In computing, a blacklist or block list is a basic access control mechanism that allows through all elements (email addresses, users, URLs, etc.), except those explicitly mentioned. Those items on the list are denied access. The opposite is a whitelist, which means only items on the list are let through whatever gate is being used. A greylist contains items that are temporarily blocked (or temporarily allowed) until an additional step is performed.
For example, a company might prevent a list of software from running on its network or a school might prevent a list of web sites from being accesses on its computers.
The opposite of whitelisting, blacklisting allows everything to run unless it is on a predetermined "blacklist." A blacklist includes certain types of software that are not allowed to run in the company environment. For example, a company might blacklist peer to peer file sharing on its systems. In addition to software, people, devices and Web sites can also be blacklisted.
Most email providers have a anti-spam feature that essentially blacklists certain email addresses if they are deemed unwanted. How this happens is when a successful phishing attack (from an address that is forged from reliable accounts to try to recover personal information) is executed, then the email device deems the address to be spam, and proceeds to blacklist the address.
In addition to private email blacklists, there are lists that are kept for public use, examples are
- China Anti-Spam Alliance
- Fabel Spamsources
- Spam and Open Relay Blocking System
- The DrMX Project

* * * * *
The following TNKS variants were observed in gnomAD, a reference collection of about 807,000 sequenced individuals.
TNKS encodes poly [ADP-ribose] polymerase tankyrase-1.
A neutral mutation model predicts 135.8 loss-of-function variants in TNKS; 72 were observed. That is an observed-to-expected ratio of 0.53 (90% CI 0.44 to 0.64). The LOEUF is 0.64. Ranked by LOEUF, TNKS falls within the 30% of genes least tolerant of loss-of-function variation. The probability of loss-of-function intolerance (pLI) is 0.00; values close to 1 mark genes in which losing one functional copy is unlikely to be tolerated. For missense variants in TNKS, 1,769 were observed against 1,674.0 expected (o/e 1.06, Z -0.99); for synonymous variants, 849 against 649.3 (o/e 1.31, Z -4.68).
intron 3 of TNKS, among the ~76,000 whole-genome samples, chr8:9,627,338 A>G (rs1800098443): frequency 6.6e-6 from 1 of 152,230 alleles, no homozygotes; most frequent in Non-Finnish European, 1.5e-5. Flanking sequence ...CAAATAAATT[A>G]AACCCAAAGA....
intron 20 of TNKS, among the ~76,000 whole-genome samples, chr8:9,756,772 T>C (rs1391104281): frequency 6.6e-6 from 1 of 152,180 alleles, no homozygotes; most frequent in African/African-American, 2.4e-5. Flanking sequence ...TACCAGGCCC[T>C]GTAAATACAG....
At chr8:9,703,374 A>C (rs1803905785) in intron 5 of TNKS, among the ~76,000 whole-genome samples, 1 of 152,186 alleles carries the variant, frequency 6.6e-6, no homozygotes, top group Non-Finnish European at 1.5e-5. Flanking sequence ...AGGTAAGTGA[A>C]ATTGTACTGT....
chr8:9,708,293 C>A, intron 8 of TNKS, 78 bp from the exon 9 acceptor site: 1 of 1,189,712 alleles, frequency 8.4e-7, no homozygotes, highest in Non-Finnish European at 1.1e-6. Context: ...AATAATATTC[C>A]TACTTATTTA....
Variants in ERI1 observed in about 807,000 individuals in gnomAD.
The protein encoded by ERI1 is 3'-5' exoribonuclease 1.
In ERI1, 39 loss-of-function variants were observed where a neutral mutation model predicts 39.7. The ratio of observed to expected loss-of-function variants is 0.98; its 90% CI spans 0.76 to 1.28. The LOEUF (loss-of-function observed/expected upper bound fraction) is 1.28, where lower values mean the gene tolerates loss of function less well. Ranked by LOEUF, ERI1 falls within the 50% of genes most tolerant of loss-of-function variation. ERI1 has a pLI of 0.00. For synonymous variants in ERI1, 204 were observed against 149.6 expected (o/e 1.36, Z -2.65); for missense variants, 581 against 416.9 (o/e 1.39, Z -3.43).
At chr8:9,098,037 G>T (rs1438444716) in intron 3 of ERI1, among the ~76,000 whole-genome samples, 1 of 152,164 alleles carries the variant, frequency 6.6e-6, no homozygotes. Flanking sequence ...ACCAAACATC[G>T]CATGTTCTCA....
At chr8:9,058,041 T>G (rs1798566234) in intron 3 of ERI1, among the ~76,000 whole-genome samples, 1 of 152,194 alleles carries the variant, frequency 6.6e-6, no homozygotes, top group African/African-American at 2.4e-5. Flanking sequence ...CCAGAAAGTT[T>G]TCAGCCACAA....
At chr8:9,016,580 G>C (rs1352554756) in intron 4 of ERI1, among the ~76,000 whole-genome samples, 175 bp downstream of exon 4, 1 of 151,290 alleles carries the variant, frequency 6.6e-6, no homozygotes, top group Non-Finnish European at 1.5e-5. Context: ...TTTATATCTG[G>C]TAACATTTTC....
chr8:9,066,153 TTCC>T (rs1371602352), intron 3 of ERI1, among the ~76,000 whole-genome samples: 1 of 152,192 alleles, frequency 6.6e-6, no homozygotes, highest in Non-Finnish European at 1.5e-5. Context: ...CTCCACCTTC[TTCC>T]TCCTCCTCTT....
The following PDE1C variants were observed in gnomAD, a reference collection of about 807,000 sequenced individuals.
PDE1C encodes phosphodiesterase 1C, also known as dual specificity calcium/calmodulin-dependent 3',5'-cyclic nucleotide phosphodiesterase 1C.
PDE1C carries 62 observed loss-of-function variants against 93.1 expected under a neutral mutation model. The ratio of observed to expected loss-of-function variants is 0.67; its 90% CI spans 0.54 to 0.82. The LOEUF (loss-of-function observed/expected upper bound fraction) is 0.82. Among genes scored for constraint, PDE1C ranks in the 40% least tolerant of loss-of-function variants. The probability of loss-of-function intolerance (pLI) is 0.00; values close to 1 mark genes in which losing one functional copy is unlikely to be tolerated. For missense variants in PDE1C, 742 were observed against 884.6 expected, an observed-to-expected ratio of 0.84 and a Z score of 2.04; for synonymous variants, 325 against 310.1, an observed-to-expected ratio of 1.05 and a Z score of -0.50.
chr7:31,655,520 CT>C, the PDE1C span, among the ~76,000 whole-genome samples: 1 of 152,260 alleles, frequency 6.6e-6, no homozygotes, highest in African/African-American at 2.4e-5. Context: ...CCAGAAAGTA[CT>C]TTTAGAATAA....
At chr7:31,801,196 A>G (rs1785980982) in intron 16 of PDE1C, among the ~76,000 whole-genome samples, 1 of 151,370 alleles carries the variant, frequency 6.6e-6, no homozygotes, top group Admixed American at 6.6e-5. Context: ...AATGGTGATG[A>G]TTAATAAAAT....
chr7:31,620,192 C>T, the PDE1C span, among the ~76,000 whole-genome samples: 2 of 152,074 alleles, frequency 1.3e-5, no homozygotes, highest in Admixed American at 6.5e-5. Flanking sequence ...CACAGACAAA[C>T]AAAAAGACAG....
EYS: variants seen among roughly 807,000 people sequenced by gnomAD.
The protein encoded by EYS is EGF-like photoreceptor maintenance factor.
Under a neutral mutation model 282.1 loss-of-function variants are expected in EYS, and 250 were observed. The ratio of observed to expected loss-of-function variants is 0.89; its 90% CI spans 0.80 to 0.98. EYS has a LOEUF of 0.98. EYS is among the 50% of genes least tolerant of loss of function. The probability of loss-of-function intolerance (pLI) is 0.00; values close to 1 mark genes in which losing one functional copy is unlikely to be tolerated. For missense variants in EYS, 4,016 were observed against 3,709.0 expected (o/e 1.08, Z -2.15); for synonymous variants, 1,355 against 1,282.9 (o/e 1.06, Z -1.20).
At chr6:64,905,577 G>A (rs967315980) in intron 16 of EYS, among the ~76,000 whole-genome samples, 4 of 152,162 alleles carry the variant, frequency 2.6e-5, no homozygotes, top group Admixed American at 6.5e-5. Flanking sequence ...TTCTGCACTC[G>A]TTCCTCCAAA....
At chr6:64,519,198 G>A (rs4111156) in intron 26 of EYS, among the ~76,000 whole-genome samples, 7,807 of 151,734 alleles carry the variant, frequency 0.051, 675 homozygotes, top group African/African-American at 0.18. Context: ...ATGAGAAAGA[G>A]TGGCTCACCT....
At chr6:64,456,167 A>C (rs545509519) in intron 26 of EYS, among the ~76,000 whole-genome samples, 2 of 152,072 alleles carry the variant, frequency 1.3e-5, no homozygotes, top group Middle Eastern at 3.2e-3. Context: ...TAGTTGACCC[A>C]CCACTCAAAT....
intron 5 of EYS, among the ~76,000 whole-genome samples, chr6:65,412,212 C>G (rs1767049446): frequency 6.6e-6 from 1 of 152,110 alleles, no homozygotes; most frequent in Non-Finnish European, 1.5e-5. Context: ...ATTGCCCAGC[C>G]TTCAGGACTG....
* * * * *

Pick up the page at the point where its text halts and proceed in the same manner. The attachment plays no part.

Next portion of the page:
- Companies like Google, Symantec and Sucuri keep internal blacklists of sites known to have malware and they display a warning before allowing the user to click them.
- Content-control software such as DansGuardian and SquidGuard may work with a blacklist in order to block URLs of sites deemed inappropriate for a work or educational environment.
- An e-mail spam filter may keep a blacklist of addresses, any mail from which would be prevented from reaching its intended destination. A popular technique for implementing blacklists is DNS blacklisting (DNSBL).
- A firewall or IDS may also use a blacklist to block known hostile IP addresses and/or networks. An example for such a list would be the OpenBL project.
- Many copy protection schemes include software blacklisting.
- Members of online auction sites may add other members to a personal blacklist. This means that they cannot bid on or ask questions about your auctions, nor can they use a "buy it now" function on your items.
- Yet another form of list is the yellow list which is a list of email server IP addresses that send mostly good email but do send some spam. Examples include Yahoo, Hotmail, and Gmail. A yellow listed server is a server that should never be accidentally blacklisted. The yellow list is checked first and if listed then black list tests are ignored.
- In Linux modprobe, the
blacklist modulenameentry in a modprobe configuration file indicates that all of the particular module's internal aliases are to be ignored. There are cases where two or more modules both support the same devices, or a module invalidly claims to support a device.
- Many web browsers have the ability to consult anti-phishing blacklists in order to warn users who unwittingly aim to visit a fraudulent website.
- Many peer-to-peer file sharing programs support blacklists that block access from sites known to be owned by companies enforcing copyright. An example is the Bluetack blocklist set.